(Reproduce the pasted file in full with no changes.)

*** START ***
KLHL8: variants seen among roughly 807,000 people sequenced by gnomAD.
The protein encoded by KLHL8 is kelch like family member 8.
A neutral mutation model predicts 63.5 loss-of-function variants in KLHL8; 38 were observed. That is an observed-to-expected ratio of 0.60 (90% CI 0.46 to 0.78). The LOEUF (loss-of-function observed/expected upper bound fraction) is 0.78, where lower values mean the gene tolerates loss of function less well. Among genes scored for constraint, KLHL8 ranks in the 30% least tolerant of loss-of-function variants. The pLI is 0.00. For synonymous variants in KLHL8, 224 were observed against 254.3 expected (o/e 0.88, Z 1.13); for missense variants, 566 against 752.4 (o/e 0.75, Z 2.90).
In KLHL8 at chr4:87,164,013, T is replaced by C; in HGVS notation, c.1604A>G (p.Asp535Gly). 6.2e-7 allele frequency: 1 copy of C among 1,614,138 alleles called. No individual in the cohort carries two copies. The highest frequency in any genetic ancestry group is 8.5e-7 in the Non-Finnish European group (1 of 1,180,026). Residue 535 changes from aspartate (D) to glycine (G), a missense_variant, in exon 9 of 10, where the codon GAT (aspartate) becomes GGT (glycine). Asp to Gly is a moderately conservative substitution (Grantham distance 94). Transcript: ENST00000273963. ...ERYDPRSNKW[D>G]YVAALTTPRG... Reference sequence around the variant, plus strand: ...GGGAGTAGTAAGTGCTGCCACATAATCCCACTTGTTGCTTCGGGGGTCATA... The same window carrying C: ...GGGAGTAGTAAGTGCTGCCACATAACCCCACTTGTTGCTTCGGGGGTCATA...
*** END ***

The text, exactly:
KLHL8: variants seen among roughly 807,000 people sequenced by gnomAD.
The protein encoded by KLHL8 is kelch like family member 8.
A neutral mutation model predicts 63.5 loss-of-function variants in KLHL8; 38 were observed. That is an observed-to-expected ratio of 0.60 (90% CI 0.46 to 0.78). The LOEUF (loss-of-function observed/expected upper bound fraction) is 0.78, where lower values mean the gene tolerates loss of function less well. Among genes scored for constraint, KLHL8 ranks in the 30% least tolerant of loss-of-function variants. The pLI is 0.00. For synonymous variants in KLHL8, 224 were observed against 254.3 expected (o/e 0.88, Z 1.13); for missense variants, 566 against 752.4 (o/e 0.75, Z 2.90).
In KLHL8 at chr4:87,164,013, T is replaced by C; in HGVS notation, c.1604A>G (p.Asp535Gly). 6.2e-7 allele frequency: 1 copy of C among 1,614,138 alleles called. No individual in the cohort carries two copies. The highest frequency in any genetic ancestry group is 8.5e-7 in the Non-Finnish European group (1 of 1,180,026). Residue 535 changes from aspartate (D) to glycine (G), a missense_variant, in exon 9 of 10, where the codon GAT (aspartate) becomes GGT (glycine). Asp to Gly is a moderately conservative substitution (Grantham distance 94). Transcript: ENST00000273963. ...ERYDPRSNKW[D>G]YVAALTTPRG... Reference sequence around the variant, plus strand: ...GGGAGTAGTAAGTGCTGCCACATAATCCCACTTGTTGCTTCGGGGGTCATA... The same window carrying C: ...GGGAGTAGTAAGTGCTGCCACATAACCCCACTTGTTGCTTCGGGGGTCATA...